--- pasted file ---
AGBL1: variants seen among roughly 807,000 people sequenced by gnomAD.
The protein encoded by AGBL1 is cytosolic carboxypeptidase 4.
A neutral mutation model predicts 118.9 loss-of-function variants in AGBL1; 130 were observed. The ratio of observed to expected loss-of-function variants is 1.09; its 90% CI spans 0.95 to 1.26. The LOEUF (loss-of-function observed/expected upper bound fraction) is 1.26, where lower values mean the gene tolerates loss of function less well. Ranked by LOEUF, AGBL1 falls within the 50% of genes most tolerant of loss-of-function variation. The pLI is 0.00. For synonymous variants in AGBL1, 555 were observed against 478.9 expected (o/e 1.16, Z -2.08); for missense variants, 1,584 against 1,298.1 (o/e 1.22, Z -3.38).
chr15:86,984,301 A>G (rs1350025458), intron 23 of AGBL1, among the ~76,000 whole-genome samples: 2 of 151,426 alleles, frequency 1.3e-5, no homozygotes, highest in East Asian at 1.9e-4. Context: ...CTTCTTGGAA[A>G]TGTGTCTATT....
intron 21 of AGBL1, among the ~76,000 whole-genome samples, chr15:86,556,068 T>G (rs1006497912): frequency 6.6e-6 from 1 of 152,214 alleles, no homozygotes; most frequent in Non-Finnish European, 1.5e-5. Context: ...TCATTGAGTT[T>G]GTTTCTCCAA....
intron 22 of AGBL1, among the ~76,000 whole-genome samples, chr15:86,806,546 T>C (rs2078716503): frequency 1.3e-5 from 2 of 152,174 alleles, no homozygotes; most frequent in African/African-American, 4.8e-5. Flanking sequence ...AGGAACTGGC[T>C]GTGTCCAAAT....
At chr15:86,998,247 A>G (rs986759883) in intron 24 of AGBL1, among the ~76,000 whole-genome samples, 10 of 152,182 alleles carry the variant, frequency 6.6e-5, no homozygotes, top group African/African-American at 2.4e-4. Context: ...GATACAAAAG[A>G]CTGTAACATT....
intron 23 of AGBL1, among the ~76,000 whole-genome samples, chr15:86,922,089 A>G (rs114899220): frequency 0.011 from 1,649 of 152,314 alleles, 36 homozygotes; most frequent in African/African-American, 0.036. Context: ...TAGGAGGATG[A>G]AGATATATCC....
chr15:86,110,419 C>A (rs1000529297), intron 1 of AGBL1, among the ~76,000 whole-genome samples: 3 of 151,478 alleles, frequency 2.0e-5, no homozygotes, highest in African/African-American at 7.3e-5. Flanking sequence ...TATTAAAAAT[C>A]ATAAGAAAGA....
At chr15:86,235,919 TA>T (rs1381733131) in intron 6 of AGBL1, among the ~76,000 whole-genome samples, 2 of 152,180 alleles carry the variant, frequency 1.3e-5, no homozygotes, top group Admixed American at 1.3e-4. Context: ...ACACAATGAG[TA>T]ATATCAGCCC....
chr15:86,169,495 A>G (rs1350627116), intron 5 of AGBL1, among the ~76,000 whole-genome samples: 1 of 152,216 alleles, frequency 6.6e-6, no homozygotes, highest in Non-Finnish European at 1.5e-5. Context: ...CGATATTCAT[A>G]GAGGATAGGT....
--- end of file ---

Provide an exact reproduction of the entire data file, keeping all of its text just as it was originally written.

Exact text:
AGBL1: variants seen among roughly 807,000 people sequenced by gnomAD.
The protein encoded by AGBL1 is cytosolic carboxypeptidase 4.
A neutral mutation model predicts 118.9 loss-of-function variants in AGBL1; 130 were observed. The ratio of observed to expected loss-of-function variants is 1.09; its 90% CI spans 0.95 to 1.26. The LOEUF (loss-of-function observed/expected upper bound fraction) is 1.26, where lower values mean the gene tolerates loss of function less well. Ranked by LOEUF, AGBL1 falls within the 50% of genes most tolerant of loss-of-function variation. The pLI is 0.00. For synonymous variants in AGBL1, 555 were observed against 478.9 expected (o/e 1.16, Z -2.08); for missense variants, 1,584 against 1,298.1 (o/e 1.22, Z -3.38).
chr15:86,984,301 A>G (rs1350025458), intron 23 of AGBL1, among the ~76,000 whole-genome samples: 2 of 151,426 alleles, frequency 1.3e-5, no homozygotes, highest in East Asian at 1.9e-4. Context: ...CTTCTTGGAA[A>G]TGTGTCTATT....
intron 21 of AGBL1, among the ~76,000 whole-genome samples, chr15:86,556,068 T>G (rs1006497912): frequency 6.6e-6 from 1 of 152,214 alleles, no homozygotes; most frequent in Non-Finnish European, 1.5e-5. Context: ...TCATTGAGTT[T>G]GTTTCTCCAA....
intron 22 of AGBL1, among the ~76,000 whole-genome samples, chr15:86,806,546 T>C (rs2078716503): frequency 1.3e-5 from 2 of 152,174 alleles, no homozygotes; most frequent in African/African-American, 4.8e-5. Flanking sequence ...AGGAACTGGC[T>C]GTGTCCAAAT....
At chr15:86,998,247 A>G (rs986759883) in intron 24 of AGBL1, among the ~76,000 whole-genome samples, 10 of 152,182 alleles carry the variant, frequency 6.6e-5, no homozygotes, top group African/African-American at 2.4e-4. Context: ...GATACAAAAG[A>G]CTGTAACATT....
intron 23 of AGBL1, among the ~76,000 whole-genome samples, chr15:86,922,089 A>G (rs114899220): frequency 0.011 from 1,649 of 152,314 alleles, 36 homozygotes; most frequent in African/African-American, 0.036. Context: ...TAGGAGGATG[A>G]AGATATATCC....
chr15:86,110,419 C>A (rs1000529297), intron 1 of AGBL1, among the ~76,000 whole-genome samples: 3 of 151,478 alleles, frequency 2.0e-5, no homozygotes, highest in African/African-American at 7.3e-5. Flanking sequence ...TATTAAAAAT[C>A]ATAAGAAAGA....
At chr15:86,235,919 TA>T (rs1381733131) in intron 6 of AGBL1, among the ~76,000 whole-genome samples, 2 of 152,180 alleles carry the variant, frequency 1.3e-5, no homozygotes, top group Admixed American at 1.3e-4. Context: ...ACACAATGAG[TA>T]ATATCAGCCC....
chr15:86,169,495 A>G (rs1350627116), intron 5 of AGBL1, among the ~76,000 whole-genome samples: 1 of 152,216 alleles, frequency 6.6e-6, no homozygotes, highest in Non-Finnish European at 1.5e-5. Context: ...CGATATTCAT[A>G]GAGGATAGGT....